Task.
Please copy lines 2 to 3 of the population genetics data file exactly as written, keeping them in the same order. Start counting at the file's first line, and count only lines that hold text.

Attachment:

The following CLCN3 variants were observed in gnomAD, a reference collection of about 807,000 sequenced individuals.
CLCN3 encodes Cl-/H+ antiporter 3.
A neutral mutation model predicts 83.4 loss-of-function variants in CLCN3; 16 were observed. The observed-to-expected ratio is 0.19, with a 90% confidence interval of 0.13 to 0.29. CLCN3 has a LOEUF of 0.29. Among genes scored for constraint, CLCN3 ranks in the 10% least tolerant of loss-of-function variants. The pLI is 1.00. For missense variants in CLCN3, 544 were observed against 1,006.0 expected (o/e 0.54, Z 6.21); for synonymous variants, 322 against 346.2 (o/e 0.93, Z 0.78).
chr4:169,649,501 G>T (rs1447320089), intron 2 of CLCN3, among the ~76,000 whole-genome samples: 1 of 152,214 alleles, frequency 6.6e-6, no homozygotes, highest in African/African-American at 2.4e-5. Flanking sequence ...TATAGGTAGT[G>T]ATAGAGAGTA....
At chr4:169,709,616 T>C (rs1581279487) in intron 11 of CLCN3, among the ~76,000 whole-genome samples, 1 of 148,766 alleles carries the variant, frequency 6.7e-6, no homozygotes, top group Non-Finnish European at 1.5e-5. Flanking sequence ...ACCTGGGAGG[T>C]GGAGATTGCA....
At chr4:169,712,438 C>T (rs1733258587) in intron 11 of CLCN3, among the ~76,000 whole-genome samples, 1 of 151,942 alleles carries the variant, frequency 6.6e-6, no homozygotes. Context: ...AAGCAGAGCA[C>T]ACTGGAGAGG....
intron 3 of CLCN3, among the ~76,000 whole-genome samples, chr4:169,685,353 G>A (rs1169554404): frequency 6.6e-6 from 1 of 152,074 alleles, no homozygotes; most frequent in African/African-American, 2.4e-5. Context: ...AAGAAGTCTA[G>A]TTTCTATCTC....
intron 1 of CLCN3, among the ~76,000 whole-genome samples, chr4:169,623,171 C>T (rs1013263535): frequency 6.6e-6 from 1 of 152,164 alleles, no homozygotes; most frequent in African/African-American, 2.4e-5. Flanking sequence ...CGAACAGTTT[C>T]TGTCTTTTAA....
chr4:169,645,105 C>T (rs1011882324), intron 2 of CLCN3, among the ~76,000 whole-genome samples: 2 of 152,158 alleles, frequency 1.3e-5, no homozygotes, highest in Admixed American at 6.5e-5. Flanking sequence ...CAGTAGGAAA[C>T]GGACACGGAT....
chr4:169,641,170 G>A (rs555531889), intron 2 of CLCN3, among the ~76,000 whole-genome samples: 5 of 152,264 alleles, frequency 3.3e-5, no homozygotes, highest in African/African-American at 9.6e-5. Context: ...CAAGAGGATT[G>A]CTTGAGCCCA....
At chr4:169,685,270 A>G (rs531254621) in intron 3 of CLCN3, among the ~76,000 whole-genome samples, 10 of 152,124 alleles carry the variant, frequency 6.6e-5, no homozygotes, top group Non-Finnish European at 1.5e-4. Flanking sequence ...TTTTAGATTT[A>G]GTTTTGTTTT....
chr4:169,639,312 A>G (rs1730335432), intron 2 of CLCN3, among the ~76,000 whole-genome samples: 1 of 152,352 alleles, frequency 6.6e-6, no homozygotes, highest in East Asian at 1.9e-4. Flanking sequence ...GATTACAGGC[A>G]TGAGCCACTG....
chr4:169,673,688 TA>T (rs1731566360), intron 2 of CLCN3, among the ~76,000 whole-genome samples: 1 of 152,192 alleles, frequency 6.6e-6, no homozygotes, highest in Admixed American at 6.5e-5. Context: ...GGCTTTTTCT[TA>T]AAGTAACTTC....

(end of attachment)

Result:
CLCN3 encodes Cl-/H+ antiporter 3.
A neutral mutation model predicts 83.4 loss-of-function variants in CLCN3; 16 were observed. The observed-to-expected ratio is 0.19, with a 90% confidence interval of 0.13 to 0.29. CLCN3 has a LOEUF of 0.29. Among genes scored for constraint, CLCN3 ranks in the 10% least tolerant of loss-of-function variants. The pLI is 1.00. For missense variants in CLCN3, 544 were observed against 1,006.0 expected (o/e 0.54, Z 6.21); for synonymous variants, 322 against 346.2 (o/e 0.93, Z 0.78).